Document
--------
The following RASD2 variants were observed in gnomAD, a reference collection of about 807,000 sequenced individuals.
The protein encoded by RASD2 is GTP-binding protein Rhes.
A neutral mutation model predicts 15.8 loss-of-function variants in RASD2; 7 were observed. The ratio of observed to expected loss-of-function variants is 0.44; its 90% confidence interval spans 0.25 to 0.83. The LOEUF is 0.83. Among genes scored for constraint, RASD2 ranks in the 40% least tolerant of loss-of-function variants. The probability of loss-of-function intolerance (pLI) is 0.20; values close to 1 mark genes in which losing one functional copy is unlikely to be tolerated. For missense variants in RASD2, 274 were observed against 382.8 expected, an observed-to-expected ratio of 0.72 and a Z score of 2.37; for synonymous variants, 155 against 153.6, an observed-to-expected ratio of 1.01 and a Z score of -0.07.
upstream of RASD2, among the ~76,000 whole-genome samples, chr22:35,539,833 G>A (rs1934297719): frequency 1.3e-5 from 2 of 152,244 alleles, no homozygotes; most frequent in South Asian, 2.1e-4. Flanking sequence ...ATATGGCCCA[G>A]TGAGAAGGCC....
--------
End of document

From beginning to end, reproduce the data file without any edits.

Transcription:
The following RASD2 variants were observed in gnomAD, a reference collection of about 807,000 sequenced individuals.
The protein encoded by RASD2 is GTP-binding protein Rhes.
A neutral mutation model predicts 15.8 loss-of-function variants in RASD2; 7 were observed. The ratio of observed to expected loss-of-function variants is 0.44; its 90% confidence interval spans 0.25 to 0.83. The LOEUF is 0.83. Among genes scored for constraint, RASD2 ranks in the 40% least tolerant of loss-of-function variants. The probability of loss-of-function intolerance (pLI) is 0.20; values close to 1 mark genes in which losing one functional copy is unlikely to be tolerated. For missense variants in RASD2, 274 were observed against 382.8 expected, an observed-to-expected ratio of 0.72 and a Z score of 2.37; for synonymous variants, 155 against 153.6, an observed-to-expected ratio of 1.01 and a Z score of -0.07.
upstream of RASD2, among the ~76,000 whole-genome samples, chr22:35,539,833 G>A (rs1934297719): frequency 1.3e-5 from 2 of 152,244 alleles, no homozygotes; most frequent in South Asian, 2.1e-4. Flanking sequence ...ATATGGCCCA[G>A]TGAGAAGGCC....